Republicans and Individual Liberty
One major point of contention at the National Security and Foreign Policy debate Tuesday night centered around the surveillance powers afforded to the government by the Patriot Act. In one corner was Congressman Ron Paul, who argued that the government can provide security “without sacrificing our Bill of Rights” and that we don’t need surveillance cameras in every bedroom in America to prevent crimes. Former House Speaker Newt Gingrich noted that he didn’t know of any provision that needed to be changed, that the law should be extended, and that the government should do whatever is necessary to prevent acts of terrorism.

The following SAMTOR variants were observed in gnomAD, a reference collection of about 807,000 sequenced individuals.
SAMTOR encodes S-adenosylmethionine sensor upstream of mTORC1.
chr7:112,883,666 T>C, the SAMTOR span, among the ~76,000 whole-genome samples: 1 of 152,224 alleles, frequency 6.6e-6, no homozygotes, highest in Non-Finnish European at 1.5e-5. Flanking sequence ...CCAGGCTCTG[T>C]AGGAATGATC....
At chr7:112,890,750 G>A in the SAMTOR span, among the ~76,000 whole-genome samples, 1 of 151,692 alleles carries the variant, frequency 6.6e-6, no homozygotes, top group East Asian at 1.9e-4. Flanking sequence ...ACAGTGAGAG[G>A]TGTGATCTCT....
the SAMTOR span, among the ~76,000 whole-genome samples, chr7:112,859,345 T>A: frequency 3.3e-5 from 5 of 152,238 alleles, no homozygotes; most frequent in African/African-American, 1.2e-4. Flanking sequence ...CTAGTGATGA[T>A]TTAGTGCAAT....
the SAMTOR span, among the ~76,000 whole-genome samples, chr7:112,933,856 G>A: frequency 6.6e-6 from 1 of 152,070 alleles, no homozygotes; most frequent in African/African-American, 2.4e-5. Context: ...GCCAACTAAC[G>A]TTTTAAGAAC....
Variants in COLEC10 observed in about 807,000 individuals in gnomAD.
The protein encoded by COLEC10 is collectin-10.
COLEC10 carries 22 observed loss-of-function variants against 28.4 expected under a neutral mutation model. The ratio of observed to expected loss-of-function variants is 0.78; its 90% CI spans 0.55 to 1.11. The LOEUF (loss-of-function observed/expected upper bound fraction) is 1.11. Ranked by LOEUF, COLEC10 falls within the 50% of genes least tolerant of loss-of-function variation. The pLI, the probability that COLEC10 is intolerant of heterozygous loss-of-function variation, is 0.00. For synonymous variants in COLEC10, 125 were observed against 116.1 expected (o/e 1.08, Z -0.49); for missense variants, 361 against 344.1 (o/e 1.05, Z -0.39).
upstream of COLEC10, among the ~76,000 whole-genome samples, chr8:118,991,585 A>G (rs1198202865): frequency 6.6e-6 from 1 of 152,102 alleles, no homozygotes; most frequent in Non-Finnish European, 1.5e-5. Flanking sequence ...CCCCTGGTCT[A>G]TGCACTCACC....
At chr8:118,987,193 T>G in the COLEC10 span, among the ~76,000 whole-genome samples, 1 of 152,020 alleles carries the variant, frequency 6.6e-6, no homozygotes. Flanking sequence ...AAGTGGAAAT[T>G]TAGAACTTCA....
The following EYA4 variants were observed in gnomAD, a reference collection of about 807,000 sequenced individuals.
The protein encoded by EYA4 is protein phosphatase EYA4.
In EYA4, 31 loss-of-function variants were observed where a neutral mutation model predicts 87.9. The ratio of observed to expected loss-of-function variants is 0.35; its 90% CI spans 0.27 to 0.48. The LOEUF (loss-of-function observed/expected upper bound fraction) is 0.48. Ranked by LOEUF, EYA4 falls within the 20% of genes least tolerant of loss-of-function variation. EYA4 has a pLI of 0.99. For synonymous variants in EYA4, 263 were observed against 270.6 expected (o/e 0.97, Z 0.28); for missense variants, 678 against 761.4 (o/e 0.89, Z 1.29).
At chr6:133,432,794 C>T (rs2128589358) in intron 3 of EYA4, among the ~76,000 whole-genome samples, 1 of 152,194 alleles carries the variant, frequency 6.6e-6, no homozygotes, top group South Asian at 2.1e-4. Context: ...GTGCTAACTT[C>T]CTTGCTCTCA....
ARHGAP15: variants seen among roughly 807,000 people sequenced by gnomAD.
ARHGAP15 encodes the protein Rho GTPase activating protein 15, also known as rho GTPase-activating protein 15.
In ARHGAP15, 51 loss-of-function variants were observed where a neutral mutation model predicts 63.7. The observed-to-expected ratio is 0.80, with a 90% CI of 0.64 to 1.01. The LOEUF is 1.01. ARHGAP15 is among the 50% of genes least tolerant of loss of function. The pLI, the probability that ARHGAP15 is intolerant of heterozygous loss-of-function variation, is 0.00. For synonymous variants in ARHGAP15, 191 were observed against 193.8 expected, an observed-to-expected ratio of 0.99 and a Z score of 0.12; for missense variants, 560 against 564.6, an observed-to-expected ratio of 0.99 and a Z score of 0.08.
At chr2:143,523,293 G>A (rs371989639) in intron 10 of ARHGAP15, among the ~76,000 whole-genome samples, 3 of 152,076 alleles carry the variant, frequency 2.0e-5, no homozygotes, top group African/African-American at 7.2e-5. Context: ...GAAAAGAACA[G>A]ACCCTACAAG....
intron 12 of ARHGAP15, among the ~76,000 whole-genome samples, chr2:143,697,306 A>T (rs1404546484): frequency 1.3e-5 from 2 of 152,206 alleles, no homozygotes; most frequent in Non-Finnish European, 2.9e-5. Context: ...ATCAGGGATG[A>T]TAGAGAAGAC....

Here is what the 2008 Republican Party Platform had to say about “Securing Our Civil Liberties” (page 49):
Because our Constitution is based on the principles of individual liberty and limited government, we must always ensure that law enforcement respects the civil and constitutional rights of the people. While we wage war on terrorism in foreign lands, it is sometimes necessary for intelligence agencies and law enforcement officials to pursue terrorist threats at home. However, no expansion of governmental powers should occur at the expense of our constitutional liberties.
It could just be empty rhetoric — what would politics be without that? Imagine if the advocacy both in the above paragraph and the Platform for “limited government” and “individual liberty” actually held meaning, that Republicans could believe in a bias that tilted toward liberty, rather than expanded executive power.